Richard A. Guy’s first cousin, Jody Guy, represented him at the opening show and read his speech in front of a crowd of around 80 people. Guy spent over 30 years in the state prison system for the stabbing death of a friend after an argument. In a 1995 interview, he said he was eaten away by vodka and valium at the time. Guy had been a senior teenage tennis player and had served 4 years in the US Navy.
While in prison, Guy graduated with honors from the Psychology program at the University of Pittsburgh at SCI-Pittsburgh, where he taught other inmates to speak in public, became active in the Jaycees, a was president of a program for people at risk. youth, and designed the donation campaign to provide baseball equipment to local Little League teams.
He has been active in sports, social activities and education; he plays the keyboard and the saxophone in groups and shows; has captained and played in inter-varsity basketball, softball and volleyball sports teams and as intramural league basketball and volleyball commissioner. He has coached and played on over 25 intramural championship teams and received the Department of Corrections Athlete of the Year award. He has been a leader and role model for his peers, demonstrating discipline, teamwork, and moving his life forward in a positive direction. He is also a state licensed PIAA basketball official.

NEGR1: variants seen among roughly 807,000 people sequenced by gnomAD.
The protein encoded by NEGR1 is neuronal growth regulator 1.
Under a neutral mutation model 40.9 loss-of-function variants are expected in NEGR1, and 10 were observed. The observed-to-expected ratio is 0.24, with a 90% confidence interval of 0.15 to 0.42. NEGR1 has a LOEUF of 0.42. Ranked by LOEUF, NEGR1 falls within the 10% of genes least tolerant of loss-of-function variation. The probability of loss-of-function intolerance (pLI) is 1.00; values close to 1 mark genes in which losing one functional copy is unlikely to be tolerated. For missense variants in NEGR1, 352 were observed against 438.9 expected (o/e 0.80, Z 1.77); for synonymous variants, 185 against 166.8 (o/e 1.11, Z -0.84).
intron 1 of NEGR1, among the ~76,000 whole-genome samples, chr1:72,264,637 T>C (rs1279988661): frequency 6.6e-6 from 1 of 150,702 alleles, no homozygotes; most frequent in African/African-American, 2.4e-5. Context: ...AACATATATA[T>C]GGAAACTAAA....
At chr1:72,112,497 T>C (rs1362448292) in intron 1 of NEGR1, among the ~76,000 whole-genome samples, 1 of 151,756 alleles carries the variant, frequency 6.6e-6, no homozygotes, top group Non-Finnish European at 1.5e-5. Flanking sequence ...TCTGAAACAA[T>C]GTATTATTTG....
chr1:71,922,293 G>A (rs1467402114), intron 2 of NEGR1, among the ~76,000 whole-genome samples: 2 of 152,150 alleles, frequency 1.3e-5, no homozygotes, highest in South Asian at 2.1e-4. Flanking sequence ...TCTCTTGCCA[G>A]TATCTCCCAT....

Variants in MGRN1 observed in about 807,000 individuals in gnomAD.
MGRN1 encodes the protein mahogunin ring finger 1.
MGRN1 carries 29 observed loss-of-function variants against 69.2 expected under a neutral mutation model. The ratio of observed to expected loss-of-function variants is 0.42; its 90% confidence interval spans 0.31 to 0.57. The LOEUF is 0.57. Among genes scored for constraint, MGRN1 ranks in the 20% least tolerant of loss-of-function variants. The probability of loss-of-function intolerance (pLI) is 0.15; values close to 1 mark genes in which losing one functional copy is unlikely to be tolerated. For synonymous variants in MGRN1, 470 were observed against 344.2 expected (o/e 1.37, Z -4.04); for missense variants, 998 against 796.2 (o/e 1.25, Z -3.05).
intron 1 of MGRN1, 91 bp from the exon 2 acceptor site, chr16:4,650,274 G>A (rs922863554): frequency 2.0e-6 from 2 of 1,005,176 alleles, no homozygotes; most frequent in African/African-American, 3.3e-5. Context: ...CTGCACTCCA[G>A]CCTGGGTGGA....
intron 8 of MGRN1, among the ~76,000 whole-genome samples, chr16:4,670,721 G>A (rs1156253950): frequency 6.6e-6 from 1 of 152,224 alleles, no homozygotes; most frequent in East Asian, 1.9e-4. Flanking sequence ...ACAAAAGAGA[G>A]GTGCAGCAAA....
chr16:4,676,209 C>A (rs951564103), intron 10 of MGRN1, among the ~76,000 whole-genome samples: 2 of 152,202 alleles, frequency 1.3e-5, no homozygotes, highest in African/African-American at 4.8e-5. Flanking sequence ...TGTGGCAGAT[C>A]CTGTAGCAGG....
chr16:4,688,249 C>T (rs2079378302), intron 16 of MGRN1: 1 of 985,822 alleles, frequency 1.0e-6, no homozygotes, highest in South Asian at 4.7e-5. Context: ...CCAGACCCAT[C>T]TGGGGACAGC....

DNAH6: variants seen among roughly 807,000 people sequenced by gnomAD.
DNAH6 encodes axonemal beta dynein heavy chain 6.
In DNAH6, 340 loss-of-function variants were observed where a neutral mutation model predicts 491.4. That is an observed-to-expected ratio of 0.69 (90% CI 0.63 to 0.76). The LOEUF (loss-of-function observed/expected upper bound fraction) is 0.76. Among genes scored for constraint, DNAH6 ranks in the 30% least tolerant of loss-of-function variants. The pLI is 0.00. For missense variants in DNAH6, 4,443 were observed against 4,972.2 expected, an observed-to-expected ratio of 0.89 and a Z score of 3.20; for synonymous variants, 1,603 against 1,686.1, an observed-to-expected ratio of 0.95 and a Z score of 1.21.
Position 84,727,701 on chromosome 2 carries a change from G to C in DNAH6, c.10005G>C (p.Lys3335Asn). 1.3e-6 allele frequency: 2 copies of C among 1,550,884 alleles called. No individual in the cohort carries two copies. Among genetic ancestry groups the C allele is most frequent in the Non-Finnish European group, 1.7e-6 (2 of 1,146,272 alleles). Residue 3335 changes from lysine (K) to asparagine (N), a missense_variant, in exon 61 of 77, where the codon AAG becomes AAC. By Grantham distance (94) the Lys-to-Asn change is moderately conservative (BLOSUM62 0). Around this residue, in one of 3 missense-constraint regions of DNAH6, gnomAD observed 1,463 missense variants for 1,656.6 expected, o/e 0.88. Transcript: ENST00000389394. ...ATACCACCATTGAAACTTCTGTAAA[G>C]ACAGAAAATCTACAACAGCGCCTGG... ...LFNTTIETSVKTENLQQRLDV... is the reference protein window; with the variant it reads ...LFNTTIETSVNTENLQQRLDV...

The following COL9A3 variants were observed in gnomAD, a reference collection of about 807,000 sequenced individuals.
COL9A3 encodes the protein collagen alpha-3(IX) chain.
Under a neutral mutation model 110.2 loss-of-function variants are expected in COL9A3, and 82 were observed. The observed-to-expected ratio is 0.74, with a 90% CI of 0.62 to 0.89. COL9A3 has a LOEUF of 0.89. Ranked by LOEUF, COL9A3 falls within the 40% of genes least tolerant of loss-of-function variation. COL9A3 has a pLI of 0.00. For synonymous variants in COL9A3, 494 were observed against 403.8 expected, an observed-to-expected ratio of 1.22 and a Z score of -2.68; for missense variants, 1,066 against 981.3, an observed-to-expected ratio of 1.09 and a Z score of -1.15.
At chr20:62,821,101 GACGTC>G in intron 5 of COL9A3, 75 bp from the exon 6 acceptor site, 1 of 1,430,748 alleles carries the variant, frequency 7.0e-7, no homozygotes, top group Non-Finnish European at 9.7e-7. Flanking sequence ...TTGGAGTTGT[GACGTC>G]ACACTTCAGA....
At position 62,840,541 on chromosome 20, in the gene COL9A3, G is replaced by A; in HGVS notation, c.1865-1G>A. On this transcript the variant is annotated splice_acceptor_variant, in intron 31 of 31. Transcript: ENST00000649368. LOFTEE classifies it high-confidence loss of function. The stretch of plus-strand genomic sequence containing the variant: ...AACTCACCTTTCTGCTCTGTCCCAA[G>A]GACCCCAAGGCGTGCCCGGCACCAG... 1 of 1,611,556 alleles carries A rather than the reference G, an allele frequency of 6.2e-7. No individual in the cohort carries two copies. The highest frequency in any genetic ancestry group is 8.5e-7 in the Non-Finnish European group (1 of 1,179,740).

He became a communications instructor, administered tests, kept all University of Pittsburgh records, and served as the Outpatient Instructor Orientation Coordinator. He graduated from the Ministry of Correction’s First National Threshold Program and taught decision-making skills. As secretary of the PA Lifer’s Organization, he has created workshops and symposia focused on parole eligibility issues for lifers. Her charitable work includes chartering the âShots for Tots,â a Pittsburgh Pirates alumni group event; expand a Veterans Day ceremony; launch a biennial Girl Scout cookie sale; and as a peer facilitator for the Department of Corrections citizenship course, teaching civic pride and personal responsibility in prisons.
He co-founded the Drexel Literature Project designed around Drexel honorary students sending readings of classic English literature and relevant questions to inmates for analytical study and academic interaction. Currently, Guy is a peer rehab community therapy facilitator, education department block tutor, art class instructor, sports official, coach and mentor for fellow inmates. .
Ms. Guy told the audience, reading her cousin’s prepared speech, that another inmate had planted the seed of the show by “deploring the lack of artistic opportunities that incarceration imposes.” I was inundated with artists eager to contribute. A young inmate told him that “in all evil there is good and he wanted the world to know that his work was for his good.”
Reading Mr. Guy’s speech, Ms. Guy said that the Prism Project “humbly offers this work of art as a small token of restitution to the community and to society for the damage we have caused”.
The exhibition and the opening are free and open to the public; all COVID security protocols will be followed during the in-person reception. In addition, the gallery invites visitors on Saturdays and Sundays from 12 p.m. to 2 p.m. or by appointment by contacting Susan Biebuyck, [emailÂ protected], 484-332-2757 or Jane Stahl, [emailÂ protected], 610-563-7879.